The biggest misses clearly came during the recession years of 2008 and 2009. The Fed clearly had no idea that trouble was brewing, or that the trouble would last once it started. In 2008 the actual growth came in 2.1% below the low end of its forecast range and 2.5% below the midpoint of its estimates. In 2009 it was 2.6% below the low end and 3.2% below the midpoint. 2011 wasn't much better, with the Fed missing by 1.4% and 1.7% for the same criteria. The rest of the years had more pedestrian misses of less than a percentage point. But it never really hit the mark, and it consistently overbid by a significant margin.
And while we are only a few months into 2015, it doesn't look like they will be on target this year either.
                               Full Year Central Tendency        First Quarter GDP
2015 (Q1)              2.6% - 3.0%                                  0.20% (annualized)
With first quarter growth at just a scant .2% annualized, the remaining three quarters of the year would have to average 3.4% annualized just to get to 2.6% for the full year (the low end of the Fed's range). Furthermore, the latest data, such as the spectacular increase of the trade deficit in March (to $51.4 billion, the largest month over month growth on record and the biggest monthly gap since the crisis month of October 2008), and today’s report showing the largest consecutive quarterly decline in productivity in more than 20 years, will likely force a downward revision to Q1 GDP. With April data looking even weaker than what was seen in February and March, a strong second quarter rebound, like the one seen in 2014, seems increasingly unlikely. In other words, good luck getting to 2.6%. But even if we do get there, it is no cause for celebration. 2.6% growth would be indicative of a struggling economy (recall that for the 20th Century, annual growth averaged well north of 3%).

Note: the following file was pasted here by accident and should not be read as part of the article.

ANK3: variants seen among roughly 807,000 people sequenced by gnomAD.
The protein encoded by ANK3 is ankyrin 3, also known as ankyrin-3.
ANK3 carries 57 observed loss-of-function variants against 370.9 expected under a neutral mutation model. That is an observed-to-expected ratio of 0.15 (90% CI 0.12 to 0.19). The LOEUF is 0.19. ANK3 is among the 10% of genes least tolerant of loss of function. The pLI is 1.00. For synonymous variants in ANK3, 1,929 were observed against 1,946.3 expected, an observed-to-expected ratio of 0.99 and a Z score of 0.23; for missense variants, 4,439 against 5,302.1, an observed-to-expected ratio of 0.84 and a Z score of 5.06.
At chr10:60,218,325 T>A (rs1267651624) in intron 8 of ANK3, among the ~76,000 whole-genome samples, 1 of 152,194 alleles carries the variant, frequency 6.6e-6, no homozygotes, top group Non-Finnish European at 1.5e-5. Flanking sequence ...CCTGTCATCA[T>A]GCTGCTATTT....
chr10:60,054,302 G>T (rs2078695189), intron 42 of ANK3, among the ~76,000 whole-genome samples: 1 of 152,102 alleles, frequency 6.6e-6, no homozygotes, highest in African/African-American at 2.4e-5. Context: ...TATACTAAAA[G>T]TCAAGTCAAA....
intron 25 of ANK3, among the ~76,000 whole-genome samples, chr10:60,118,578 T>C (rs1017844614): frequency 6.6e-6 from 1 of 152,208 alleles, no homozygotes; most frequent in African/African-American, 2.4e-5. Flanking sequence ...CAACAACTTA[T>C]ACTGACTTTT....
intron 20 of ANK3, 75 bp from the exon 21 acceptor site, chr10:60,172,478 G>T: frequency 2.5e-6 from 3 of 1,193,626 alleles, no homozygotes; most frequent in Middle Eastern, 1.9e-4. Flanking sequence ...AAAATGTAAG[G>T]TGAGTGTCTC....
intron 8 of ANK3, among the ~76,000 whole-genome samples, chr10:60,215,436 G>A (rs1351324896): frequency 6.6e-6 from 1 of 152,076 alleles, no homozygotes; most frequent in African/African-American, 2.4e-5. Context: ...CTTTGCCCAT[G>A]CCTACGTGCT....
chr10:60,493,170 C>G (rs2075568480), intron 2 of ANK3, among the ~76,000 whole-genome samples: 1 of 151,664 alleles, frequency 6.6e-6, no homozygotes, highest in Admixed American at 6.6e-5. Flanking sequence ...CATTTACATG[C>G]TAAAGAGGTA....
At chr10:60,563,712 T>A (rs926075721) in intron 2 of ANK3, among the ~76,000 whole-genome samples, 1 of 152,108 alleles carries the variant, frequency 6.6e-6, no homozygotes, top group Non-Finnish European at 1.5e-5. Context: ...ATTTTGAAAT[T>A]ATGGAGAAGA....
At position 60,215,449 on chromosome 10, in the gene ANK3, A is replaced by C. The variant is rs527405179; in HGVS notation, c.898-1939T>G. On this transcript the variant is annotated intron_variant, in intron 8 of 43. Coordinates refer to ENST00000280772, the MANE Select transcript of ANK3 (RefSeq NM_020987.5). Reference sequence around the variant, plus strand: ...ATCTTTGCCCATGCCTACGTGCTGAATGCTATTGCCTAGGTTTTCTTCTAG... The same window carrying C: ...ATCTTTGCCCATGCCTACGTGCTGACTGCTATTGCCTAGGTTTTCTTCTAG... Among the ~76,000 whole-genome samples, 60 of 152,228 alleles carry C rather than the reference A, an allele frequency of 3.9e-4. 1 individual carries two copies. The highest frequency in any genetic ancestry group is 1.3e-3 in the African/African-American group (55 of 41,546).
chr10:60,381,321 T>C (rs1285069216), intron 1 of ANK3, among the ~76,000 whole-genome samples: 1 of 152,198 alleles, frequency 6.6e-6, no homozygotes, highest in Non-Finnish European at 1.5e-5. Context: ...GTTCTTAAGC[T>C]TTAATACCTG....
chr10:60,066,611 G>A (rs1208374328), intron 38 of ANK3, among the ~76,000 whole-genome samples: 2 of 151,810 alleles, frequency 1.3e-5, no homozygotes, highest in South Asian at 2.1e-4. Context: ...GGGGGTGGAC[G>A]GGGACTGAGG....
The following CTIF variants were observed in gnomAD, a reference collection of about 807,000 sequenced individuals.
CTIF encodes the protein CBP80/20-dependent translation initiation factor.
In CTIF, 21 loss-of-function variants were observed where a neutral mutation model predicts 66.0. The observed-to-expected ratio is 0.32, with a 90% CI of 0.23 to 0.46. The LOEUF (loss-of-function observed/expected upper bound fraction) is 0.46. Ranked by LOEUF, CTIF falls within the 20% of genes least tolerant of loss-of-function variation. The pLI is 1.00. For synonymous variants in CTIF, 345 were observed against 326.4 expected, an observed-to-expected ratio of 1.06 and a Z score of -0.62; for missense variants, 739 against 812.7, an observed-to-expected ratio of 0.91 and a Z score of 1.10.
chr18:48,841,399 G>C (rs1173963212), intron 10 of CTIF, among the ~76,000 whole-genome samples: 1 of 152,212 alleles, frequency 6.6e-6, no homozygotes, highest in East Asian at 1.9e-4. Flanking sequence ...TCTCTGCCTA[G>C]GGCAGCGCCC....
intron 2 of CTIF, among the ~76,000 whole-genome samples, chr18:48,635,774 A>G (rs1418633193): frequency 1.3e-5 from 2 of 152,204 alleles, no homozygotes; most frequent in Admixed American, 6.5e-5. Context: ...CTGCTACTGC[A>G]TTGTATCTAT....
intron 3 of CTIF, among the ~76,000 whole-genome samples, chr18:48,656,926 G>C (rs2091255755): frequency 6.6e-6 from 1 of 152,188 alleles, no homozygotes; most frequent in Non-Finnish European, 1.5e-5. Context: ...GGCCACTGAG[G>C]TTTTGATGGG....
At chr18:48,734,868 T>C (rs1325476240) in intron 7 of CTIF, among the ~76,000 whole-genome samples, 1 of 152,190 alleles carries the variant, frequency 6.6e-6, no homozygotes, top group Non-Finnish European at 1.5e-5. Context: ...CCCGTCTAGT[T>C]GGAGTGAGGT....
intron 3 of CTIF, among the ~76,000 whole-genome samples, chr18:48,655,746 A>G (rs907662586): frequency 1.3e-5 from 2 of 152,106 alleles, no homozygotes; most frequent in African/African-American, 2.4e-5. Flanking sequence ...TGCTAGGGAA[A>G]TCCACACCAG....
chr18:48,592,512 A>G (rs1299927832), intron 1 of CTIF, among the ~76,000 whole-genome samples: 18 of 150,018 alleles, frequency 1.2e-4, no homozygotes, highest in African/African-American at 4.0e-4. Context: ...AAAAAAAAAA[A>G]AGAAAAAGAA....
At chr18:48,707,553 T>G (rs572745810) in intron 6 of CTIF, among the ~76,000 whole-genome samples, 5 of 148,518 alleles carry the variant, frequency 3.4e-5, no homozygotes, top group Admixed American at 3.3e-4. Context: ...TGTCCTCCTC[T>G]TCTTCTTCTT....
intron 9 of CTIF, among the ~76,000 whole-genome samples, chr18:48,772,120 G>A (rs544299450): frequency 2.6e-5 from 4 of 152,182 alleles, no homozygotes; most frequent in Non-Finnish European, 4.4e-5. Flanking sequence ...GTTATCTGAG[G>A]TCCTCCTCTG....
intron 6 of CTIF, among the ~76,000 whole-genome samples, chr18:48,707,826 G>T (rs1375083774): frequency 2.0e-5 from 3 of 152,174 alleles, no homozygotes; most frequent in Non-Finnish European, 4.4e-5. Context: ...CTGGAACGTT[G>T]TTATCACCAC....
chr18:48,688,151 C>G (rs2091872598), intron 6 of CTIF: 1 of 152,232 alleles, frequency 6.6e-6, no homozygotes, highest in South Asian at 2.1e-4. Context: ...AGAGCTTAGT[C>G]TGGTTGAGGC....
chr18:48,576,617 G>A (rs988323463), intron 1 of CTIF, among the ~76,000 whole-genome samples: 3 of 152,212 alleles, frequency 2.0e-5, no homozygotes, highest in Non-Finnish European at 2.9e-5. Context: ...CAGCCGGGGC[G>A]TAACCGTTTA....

In the seven full years since the Fed brought rates to zero, and at times showered the markets with trillions of dollars of QE cash, GDP growth has averaged just 1.1%. Even stripping out the recession years of 2008 and 2009, to focus only on the five "recovery" years of 2010-2014, gives us an average GDP of 2.2%, a rate that has been below the central tendency every year. 
So what do we make of this? Are Fed economists just horrible forecasters? And if so, why not hire others who more competent? Or is something more troubling going on? The most benign explanation is that they simply failed to anticipate a string of unfortunate events that have supposedly prevented a real recovery from taking hold. First it was the European debt crisis, then it was the high energy prices, then it was Syria, then Ukraine, then the Polar Vortex, then it was the low energy prices, then it was the European recession, the strong dollar, and then another bad winter. Apparently, unbeknown to Fed forecasters, the world is a tricky place fraught with economic, political and meteorological crises. But hasn't that always been the case?
A more troubling possibility is that the Fed simply doesn't understand how its policy tools really impact the economy. It expects that zero percent interest rates and quantitative easing will stimulate aggregate demand, encourage consumers to spend and businesses to hire, thereby initiating a virtuous cycle that will propel the economy back to healthy growth. Since it believes its medicine will cure the patient, it builds a favorable outcome into its forecasts, which biases those forecasts in an upward direction. Based on that assumption, it's a bit of a headscratcher to the Fed as to why the economy has failed to deliver as expected. So cue the long litany of excuses.
But what if that's not the way it works?  What if, as I have argued many times, that stimulus in the form of zero percent interest rates and QE bond purchases, act more like economic sedatives than stimulants? What if, as I have argued, that these crutches prevent an economy from finding the solid footing needed to build a real recovery? This would explain why we have failed to recover after seven years of policies expressly designed to spur recovery.